32. Since the lady’s insurance is taking full responsibility, this little adventure isn’t going to cost me any money, just a little time and aggravation.
  33. I also got a blog post out of the deal, too 😀

    newcar

    35. Looking good!

  34. Ding #6: Scheduled the appointment for 1230, get there at 1231 and I have to wait 😛
  35. Holy cats, the Excelsior looks good when it’s cleaned up.
  36. Feels good to be in my own vehicle again. I had to re-learn some habits, like having cruise control settings on my steering wheel instead of on a stick thingie.
  37. Time to shop for new car insurance!

Adventures in Self-Publishing : Cover Stories

rotscover

It’ll do

I am not a visual person by any stretch of the imagination.

When I was in college studying computer science back in the 90’s, people would occasionally ask me if I could make websites for them.  The conversation would go something like this:

Person: “Can you make a website for me?”
Me: “Yeah, I can code one, but it’s going to look like a computer guy made it.”
“What do you mean?”
“It’s going to look terrible.”
So yeah, I didn’t make any websites.

Given that I’m self-aware of my lack of design sense, I don’t know what possessed me to make my own book covers when I started self-publishing short story collections.  It comes even more perplexing considering that I knew artists that could do quality artwork.  Ego may have had something to do with it; the notion of doing everything on my own.  Maybe I didn’t want to pay for art at the time.  Whatever the reason, I figured some text on a solid color background would be good enough.  I did three covers like that, and it honestly only worked for The Rules of Tech Support.

cf1cover

A picture! Yay!

I like to think I made the most of my limited skills with my Nine to Five Lives ‘clock face,’ but that may have been too clever for its own good considering its low sales (it’s free now!).

At that point I figured it was time to get some actual artwork done.  My friend Damon Cone provided some artwork for Con Fluff 1, which I used to make a faux ‘con badge.’  I thought about making similar ones as promotional items for the book.  That never happened, but it remains an interesting idea for future use.  The character on the cover is me, which seems a little conceited, but at the same time, why the heck not?

cf2cover

SO PRETTY

I commissioned an artist friend who goes by Padunk for Con Fluff 2 and she knocked it out of the park.  She was also kind enough to put the title text on the artwork, which made it look really nice.  Future volumes have also featured artwork, and with the exception of The Rules of Tech Support, most of my collections featuring my early awful covers have been put off-sale, though you can still see them here.

While I have been happy with all of the artwork (Faeries, Fantasies, and Furries is another favorite) there are a few that need a do-over:  As the first book in the series, I don’t want to pull Seven Super-Short Sci-Fi Stories, but it does need a facelift.  Funny Animals, Funny People kind-of works, but I have a better concept in mind I’d like to see for it.  I took the easy way out with Fuzzy Words by plastering a picture into the middle of a (wait for it) solid colored background.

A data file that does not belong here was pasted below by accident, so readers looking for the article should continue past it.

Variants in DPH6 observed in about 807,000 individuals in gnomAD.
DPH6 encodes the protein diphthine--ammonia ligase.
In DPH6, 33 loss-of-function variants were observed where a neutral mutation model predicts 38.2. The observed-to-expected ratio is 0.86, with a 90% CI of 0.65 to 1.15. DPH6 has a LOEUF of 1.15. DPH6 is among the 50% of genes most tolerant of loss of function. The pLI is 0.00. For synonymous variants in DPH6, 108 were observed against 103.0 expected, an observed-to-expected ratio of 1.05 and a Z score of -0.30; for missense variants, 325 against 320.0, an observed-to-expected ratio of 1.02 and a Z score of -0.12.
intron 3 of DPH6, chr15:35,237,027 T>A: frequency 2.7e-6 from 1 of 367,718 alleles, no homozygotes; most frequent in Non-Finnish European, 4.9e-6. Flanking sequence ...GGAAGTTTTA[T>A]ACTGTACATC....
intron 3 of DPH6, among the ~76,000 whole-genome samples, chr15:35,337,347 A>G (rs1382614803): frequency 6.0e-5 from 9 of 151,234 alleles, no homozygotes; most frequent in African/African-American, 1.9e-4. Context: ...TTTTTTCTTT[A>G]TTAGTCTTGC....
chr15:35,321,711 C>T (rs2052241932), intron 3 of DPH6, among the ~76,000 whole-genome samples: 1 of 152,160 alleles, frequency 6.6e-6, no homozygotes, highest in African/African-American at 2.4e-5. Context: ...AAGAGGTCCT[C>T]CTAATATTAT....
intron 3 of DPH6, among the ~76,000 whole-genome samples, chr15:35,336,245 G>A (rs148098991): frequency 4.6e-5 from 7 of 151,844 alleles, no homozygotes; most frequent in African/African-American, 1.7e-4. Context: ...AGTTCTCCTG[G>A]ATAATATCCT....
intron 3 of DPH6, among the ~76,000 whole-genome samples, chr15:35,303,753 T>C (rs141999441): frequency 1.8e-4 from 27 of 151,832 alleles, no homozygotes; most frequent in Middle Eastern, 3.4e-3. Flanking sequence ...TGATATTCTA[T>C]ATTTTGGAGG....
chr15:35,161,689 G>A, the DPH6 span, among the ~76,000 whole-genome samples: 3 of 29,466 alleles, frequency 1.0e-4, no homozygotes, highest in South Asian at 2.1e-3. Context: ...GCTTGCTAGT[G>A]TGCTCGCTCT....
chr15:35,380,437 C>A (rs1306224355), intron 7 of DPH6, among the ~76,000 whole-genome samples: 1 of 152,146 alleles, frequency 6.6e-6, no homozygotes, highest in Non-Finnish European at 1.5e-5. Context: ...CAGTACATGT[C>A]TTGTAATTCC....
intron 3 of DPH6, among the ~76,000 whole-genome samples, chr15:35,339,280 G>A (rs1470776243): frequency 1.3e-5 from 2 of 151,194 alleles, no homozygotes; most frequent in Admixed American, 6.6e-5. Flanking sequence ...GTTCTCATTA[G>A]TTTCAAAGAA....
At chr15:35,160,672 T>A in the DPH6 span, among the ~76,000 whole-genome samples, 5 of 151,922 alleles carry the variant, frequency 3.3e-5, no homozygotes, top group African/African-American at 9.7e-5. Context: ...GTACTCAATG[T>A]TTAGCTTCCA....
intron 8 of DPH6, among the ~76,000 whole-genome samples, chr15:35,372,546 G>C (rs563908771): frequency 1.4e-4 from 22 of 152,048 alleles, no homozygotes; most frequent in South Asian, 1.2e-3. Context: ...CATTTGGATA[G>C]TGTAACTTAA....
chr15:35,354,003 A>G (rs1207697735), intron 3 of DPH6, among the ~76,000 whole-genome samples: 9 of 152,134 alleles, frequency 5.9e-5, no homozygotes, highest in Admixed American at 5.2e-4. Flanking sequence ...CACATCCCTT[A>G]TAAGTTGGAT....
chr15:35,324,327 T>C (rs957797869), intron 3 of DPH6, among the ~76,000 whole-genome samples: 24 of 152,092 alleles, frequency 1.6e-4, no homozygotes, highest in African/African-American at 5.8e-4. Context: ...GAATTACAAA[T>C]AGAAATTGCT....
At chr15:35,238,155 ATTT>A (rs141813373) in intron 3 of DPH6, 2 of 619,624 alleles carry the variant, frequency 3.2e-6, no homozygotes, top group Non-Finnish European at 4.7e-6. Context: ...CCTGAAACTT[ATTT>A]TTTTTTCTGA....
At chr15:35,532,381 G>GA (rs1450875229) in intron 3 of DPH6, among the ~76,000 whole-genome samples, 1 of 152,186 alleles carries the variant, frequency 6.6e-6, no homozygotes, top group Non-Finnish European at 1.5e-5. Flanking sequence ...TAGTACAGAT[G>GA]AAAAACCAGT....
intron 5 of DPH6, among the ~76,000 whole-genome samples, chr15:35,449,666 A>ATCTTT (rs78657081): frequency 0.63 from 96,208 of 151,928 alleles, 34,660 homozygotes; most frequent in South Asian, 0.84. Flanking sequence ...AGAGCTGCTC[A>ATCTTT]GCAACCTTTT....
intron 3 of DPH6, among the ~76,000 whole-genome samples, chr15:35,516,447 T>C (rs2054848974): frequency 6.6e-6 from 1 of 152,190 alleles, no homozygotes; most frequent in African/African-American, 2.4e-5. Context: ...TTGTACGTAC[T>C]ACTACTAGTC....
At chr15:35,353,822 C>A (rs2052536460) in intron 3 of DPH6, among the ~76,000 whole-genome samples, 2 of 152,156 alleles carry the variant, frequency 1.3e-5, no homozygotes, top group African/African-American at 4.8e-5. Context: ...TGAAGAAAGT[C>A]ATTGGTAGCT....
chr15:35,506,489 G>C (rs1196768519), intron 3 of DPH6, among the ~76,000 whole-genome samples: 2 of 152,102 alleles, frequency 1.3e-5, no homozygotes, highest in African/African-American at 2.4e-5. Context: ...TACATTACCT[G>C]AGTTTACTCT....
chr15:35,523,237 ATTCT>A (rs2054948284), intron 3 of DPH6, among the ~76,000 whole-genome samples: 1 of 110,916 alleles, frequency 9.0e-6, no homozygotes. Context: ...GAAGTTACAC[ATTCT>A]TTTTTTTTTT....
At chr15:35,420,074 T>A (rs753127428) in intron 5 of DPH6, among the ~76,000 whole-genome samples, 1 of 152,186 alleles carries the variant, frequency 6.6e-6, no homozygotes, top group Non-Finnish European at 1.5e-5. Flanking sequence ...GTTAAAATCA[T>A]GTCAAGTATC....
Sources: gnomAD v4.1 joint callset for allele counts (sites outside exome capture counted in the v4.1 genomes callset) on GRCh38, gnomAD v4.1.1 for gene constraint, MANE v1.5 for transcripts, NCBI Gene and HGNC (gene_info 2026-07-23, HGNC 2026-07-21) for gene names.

I’ve since commissioned new cover art for the printed version of Fuzzy Words from an artist named TinyBunner.  After spending the day arguing with CreateSpace I think everything is ready to go for printed copies.  I’m very excited at the prospect of having an actual printed book, but that’s a post for another day.

35 Things I Noticed After Upgrading to iOS 11 and an iPhone SE

iOS 11 just happened to drop on the same day I bought a new 32 GB iPhone SE in order to replace my 16 GB iPhone 6 and switch over to a prepaid plan. The 6 was running low on storage space and the SE was on sale, so why the heck not upgrade my OS and my phone on the same day!

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#19-YUUUGE!

  1. First things first: Upgrade my iPhone 6 to iOS 11. Maybe I can use that as a selling point after I move to the SE.
  2. I can’t help but cackle at glee at how many problems iOS 11 is likely causing for customers at my old job. Jerks.
  3. Yes, I am saying my former customers and my former employer are jerks.
  4. Free space on 16GB iPhone 6 before upgrade: 900 MB. Free space after: 4.9 GB. WTF?
  5. When I hit the Wireless or Bluetooth buttons in the Control Center I expect them TO TURN OFF, not just disconnect. No bueno. iOS!
  6. Is a Location on/off button in the Control Center too much to ask for?  Android has had one in their Notification Area for years. Don’t you want to be cool like Android, iOS?
  7. On a related note, the fact that Apple constantly wants to know where you are is mildly creepy.
  8. Why would I want to turn off the cellular part by itself? Isn’t that what Airplane Mode is for?
  9. The “Do Not Disturb While Driving” thing is pretty cool.
  10. The Pebble smartwatch app is still standing; it’ll be a sad day when it or my watch stops working. Stupid FitBit.
  11. From the ‘what took Apple so long’ department: Files. Yeah.
  12. Only four app updates to install…so far!
  13. All in all, iOS 11 is pretty nice, with a few annoyances I can live with. On to the new phone!
  14. Why not Android? Let’s see: For $200 I can get a questionable phone with a lousy camera and maybe one OS update or a really good phone with an awesome camera that will get updates for a few years.
  15. Despite the smaller screen, I consider the SE an upgrade. Better CPU, twice the storage, and a better camera.
  16. Yeah, yeah. I shouldn’t have bought the 16GB model two years ago, but here we are.
  17. The SE is small enough to fit in my pocket and not be constantly clipped to my belt looking like it’s there for something important.